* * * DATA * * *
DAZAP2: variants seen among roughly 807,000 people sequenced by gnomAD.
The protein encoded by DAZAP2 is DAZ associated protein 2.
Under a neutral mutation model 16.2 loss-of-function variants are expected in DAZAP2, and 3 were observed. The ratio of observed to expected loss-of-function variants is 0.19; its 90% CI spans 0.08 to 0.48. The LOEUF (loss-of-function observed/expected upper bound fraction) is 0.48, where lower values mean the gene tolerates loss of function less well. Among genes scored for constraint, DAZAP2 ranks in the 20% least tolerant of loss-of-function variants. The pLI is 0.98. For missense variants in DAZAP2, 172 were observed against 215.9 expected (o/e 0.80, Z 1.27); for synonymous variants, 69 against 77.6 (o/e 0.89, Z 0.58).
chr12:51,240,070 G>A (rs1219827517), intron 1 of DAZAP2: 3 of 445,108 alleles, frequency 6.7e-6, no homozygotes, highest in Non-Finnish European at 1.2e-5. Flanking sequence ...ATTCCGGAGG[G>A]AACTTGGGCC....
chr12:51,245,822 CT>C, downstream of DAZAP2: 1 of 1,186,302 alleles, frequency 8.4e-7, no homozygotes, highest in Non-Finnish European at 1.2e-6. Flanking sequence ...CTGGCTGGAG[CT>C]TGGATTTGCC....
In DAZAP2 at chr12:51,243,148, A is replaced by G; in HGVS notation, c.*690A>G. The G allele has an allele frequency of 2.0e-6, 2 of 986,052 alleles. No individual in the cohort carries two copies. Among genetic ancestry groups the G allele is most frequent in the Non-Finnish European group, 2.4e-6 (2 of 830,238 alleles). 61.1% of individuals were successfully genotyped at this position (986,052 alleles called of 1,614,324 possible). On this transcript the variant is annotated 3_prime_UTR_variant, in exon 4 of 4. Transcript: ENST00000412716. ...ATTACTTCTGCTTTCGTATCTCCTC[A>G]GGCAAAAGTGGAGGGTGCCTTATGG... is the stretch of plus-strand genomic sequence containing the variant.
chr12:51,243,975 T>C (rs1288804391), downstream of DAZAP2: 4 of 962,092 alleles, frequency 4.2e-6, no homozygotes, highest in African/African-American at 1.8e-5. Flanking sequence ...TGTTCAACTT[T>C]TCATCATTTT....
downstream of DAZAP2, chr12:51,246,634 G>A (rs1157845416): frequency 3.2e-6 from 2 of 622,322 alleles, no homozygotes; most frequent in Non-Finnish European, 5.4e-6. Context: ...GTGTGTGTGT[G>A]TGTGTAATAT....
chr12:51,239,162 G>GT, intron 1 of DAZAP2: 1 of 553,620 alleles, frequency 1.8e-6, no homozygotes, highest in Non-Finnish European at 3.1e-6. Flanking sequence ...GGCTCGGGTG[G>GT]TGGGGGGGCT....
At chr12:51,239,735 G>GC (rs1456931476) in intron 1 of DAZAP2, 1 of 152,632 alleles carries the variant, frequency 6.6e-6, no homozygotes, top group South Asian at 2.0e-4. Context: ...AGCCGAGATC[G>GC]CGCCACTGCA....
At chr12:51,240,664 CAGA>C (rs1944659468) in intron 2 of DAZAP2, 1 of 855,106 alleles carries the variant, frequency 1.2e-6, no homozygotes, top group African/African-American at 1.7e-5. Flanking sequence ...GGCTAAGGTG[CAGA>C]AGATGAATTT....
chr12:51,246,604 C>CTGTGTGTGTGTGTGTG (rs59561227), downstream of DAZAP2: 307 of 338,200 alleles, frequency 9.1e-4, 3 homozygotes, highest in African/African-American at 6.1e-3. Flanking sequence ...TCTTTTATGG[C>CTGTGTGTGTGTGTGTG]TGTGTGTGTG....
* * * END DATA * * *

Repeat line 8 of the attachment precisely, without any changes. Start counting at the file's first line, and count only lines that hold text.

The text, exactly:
downstream of DAZAP2, chr12:51,246,634 G>A (rs1157845416): frequency 3.2e-6 from 2 of 622,322 alleles, no homozygotes; most frequent in Non-Finnish European, 5.4e-6. Context: ...GTGTGTGTGT[G>A]TGTGTAATAT....